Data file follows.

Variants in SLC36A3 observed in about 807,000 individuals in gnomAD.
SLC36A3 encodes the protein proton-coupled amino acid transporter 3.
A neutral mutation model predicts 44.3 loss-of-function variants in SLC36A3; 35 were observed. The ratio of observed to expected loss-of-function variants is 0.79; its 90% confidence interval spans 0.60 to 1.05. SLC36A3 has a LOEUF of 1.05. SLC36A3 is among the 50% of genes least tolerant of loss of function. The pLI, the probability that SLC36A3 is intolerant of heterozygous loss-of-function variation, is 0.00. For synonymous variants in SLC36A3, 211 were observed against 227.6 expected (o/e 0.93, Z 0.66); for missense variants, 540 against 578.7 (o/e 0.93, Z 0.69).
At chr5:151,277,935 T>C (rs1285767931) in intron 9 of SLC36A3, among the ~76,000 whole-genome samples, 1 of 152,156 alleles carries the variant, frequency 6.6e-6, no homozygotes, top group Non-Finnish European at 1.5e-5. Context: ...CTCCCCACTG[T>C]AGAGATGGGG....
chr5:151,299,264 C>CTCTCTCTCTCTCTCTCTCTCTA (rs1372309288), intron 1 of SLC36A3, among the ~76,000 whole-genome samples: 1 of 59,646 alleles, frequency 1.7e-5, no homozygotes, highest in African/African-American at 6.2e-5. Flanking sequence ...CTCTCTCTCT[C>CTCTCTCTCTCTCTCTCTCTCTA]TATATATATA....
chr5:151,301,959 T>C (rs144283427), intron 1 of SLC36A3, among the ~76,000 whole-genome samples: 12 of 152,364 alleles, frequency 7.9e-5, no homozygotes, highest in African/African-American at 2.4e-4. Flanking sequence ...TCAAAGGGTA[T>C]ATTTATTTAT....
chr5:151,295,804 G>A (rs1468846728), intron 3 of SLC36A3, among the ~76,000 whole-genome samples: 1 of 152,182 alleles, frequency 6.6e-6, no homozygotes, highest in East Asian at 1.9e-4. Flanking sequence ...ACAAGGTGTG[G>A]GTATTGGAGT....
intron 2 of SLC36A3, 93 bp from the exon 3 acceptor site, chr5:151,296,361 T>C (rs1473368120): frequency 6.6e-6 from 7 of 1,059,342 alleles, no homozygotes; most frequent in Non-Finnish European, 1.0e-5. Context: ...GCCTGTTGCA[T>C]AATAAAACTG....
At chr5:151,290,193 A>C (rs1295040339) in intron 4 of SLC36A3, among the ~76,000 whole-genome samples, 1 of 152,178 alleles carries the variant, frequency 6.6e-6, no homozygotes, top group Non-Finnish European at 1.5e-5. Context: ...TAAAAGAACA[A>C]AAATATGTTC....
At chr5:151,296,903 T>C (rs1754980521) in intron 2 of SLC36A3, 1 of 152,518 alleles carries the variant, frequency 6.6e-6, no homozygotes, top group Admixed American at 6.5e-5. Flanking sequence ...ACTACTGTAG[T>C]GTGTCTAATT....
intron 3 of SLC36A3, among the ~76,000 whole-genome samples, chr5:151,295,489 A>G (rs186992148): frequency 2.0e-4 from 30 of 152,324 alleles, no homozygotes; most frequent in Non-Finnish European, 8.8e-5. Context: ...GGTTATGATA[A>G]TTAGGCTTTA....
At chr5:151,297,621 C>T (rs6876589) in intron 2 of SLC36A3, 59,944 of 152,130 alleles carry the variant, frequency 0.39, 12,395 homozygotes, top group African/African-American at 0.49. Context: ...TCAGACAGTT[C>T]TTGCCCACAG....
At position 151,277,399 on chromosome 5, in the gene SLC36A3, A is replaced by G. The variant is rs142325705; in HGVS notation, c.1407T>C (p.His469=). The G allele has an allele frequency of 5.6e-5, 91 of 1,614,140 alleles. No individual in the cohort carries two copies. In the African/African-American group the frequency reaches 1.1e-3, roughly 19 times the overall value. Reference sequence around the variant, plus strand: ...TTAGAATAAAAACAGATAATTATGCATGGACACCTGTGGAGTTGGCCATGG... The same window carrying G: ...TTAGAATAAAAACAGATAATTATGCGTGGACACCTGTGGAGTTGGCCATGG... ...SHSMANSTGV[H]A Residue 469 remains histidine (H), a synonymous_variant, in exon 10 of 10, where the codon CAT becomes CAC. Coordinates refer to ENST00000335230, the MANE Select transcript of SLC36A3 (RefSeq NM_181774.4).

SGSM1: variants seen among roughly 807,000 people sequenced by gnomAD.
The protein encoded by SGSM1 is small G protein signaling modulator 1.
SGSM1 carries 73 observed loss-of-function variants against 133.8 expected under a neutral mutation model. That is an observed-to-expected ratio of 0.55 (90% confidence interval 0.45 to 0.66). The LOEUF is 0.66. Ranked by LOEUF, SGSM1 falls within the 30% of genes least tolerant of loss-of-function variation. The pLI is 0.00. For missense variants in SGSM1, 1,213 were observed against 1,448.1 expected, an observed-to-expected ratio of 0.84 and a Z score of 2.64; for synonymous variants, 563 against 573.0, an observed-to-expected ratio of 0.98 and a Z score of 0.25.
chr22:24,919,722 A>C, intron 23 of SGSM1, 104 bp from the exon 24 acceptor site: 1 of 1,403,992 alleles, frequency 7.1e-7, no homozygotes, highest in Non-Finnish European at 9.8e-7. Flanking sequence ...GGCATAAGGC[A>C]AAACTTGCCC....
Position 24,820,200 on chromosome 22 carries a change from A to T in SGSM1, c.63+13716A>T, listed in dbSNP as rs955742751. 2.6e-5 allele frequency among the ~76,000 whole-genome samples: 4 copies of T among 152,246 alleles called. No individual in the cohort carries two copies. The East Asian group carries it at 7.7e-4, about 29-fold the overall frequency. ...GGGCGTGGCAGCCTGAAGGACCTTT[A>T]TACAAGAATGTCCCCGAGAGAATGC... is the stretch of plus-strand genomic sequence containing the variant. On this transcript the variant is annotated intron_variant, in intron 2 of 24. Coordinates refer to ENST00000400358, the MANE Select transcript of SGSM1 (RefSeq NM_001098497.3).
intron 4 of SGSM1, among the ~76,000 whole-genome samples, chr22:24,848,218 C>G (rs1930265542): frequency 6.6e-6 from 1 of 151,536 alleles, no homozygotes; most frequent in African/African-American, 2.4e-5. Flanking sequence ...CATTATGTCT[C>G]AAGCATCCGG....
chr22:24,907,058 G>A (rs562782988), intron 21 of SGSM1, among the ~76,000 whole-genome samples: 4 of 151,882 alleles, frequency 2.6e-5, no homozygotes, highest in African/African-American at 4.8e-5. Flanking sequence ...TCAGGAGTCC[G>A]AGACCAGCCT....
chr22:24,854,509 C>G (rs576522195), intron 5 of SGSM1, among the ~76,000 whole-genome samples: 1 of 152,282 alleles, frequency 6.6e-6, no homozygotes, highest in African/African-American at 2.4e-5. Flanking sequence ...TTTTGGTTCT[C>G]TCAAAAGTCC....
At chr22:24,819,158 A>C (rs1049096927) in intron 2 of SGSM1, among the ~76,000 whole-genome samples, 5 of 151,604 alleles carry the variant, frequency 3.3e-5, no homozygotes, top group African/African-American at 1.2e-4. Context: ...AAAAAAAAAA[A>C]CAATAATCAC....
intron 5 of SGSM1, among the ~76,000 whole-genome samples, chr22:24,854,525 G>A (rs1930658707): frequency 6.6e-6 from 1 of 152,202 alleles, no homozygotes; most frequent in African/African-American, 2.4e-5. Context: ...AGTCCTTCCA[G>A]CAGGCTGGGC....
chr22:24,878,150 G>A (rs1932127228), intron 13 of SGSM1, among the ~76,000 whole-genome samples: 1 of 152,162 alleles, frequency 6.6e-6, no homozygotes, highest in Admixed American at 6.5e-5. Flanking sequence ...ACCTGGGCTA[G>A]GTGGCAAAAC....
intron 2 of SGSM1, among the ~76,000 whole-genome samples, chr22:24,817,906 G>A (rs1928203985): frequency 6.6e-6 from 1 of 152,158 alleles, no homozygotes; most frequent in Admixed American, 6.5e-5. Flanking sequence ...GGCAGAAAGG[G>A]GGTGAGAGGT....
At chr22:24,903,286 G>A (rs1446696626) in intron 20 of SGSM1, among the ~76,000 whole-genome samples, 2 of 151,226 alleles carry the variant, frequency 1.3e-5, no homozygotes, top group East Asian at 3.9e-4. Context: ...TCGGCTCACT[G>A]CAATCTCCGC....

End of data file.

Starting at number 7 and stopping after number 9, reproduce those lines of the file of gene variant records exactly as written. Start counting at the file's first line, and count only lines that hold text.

chr5:151,295,804 G>A (rs1468846728), intron 3 of SLC36A3, among the ~76,000 whole-genome samples: 1 of 152,182 alleles, frequency 6.6e-6, no homozygotes, highest in East Asian at 1.9e-4. Flanking sequence ...ACAAGGTGTG[G>A]GTATTGGAGT....
intron 2 of SLC36A3, 93 bp from the exon 3 acceptor site, chr5:151,296,361 T>C (rs1473368120): frequency 6.6e-6 from 7 of 1,059,342 alleles, no homozygotes; most frequent in Non-Finnish European, 1.0e-5. Context: ...GCCTGTTGCA[T>C]AATAAAACTG....
At chr5:151,290,193 A>C (rs1295040339) in intron 4 of SLC36A3, among the ~76,000 whole-genome samples, 1 of 152,178 alleles carries the variant, frequency 6.6e-6, no homozygotes, top group Non-Finnish European at 1.5e-5. Context: ...TAAAAGAACA[A>C]AAATATGTTC....